LOUISVILLE, Ky. (WAVE) - Louisville Metro Government is again cleaning up the homeless encampments underneath downtown overpasses.
Just a few weeks away from the Kentucky Derby, the encampments are being swept up, and sprayed down, but things are different from some of the past cleanups.
The cleanup started Thursday under the Jackson Street overpass. Nobody living there was displaced, and they were able to move right back when the sidewalk dried.
Homeless outreach volunteers said it’s a big step forward for the city.
“This morning was a beautiful collaboration,” said Tiny Herron, of St. John Center’s homeless outreach team.
Herron said the city worked with groups like the St. John Center for Homeless Men in order to make sure the people living under the overpasses could stay, as opposed to past cleanups that required them to find shelter elsewhere, or not at all.
“When people get displaced, we don’t know where they go,” Herron said. “They may have been in the middle of getting connected to services, so having everybody be able to stay in one place, we’re still able to make sure they’re getting those services. We know where we can find them.”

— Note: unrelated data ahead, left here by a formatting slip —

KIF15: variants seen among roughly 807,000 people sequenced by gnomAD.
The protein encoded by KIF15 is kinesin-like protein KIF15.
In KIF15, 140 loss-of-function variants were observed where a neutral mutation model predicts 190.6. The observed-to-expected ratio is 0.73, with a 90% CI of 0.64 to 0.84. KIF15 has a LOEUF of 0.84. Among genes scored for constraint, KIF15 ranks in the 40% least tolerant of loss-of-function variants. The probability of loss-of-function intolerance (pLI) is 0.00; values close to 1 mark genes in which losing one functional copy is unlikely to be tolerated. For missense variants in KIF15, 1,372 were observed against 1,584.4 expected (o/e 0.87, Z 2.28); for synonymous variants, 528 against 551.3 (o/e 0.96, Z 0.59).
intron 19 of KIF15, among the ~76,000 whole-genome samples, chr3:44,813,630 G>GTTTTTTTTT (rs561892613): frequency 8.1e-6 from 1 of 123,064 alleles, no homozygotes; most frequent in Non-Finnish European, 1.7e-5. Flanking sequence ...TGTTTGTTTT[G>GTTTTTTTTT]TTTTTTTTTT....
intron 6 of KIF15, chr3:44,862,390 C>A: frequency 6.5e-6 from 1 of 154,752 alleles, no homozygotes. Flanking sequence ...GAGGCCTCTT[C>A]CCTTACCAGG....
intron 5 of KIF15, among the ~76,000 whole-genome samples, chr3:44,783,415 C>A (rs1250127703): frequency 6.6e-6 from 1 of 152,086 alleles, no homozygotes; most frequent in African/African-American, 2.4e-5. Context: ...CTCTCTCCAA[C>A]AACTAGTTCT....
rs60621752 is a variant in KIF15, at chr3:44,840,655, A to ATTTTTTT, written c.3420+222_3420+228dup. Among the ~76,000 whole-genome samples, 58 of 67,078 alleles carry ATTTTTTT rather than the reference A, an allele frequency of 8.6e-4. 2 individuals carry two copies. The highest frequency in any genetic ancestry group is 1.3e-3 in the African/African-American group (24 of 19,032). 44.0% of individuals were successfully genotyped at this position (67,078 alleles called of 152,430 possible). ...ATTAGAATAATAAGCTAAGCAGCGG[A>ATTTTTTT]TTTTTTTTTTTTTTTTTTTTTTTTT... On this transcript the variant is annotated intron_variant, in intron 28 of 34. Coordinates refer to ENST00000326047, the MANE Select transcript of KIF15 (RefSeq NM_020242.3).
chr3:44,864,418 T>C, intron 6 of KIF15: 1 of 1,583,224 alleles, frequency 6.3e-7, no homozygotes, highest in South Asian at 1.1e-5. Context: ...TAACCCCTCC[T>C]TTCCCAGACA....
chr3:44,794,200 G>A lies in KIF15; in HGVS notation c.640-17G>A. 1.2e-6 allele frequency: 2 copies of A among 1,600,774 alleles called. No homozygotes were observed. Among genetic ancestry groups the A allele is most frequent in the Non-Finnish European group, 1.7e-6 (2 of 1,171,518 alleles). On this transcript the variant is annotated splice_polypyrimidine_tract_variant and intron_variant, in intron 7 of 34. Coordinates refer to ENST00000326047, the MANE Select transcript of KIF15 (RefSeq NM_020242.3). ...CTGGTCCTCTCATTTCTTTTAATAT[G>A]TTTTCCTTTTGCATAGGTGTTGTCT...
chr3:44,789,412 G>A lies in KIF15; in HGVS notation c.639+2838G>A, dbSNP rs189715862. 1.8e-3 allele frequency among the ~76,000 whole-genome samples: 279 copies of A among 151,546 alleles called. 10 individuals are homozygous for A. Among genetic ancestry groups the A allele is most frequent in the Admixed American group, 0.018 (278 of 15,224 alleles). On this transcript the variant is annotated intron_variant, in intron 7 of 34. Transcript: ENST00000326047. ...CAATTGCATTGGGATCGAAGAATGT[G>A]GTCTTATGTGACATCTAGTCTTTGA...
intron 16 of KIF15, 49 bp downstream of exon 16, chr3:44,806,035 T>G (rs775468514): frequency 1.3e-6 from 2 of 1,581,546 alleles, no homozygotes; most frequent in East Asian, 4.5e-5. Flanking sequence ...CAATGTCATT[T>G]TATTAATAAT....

This time around, Herron said there were people on standby to make sure if anything was broken or destroyed by the city, it would be replaced.
She also said if people were living in broken tents or sleeping bags with holes, they were able to give them new ones through the different outreach programs.
It’s not the first time this kind of cleanup has happened in the weeks leading up to the Kentucky Derby, and the city doesn’t say whether the timing of the cleanup is related to that.
Director for the Metro Office of Resilience and Community Services Tameka Laird said, in the past, it was an issue of health, and it still is. The current cleanup is just under different circumstances.
“We are following CDC considerations and guidelines,” Laird said, “and under that we are having the actual encampments be able to stay an shelter in place.”
Hip Hop Cares is another outreach group involved in the collaboration with the city. Founder Jeff Gill said it’s vital to not only have shelter, but to have clean shelter.
“Cleaning encampments is a necessary part of keeping the folks that we serve on a daily basis safe and alive,” Gill said.
The cleanup process includes four different spots in the city starting with the other side of the street on Friday.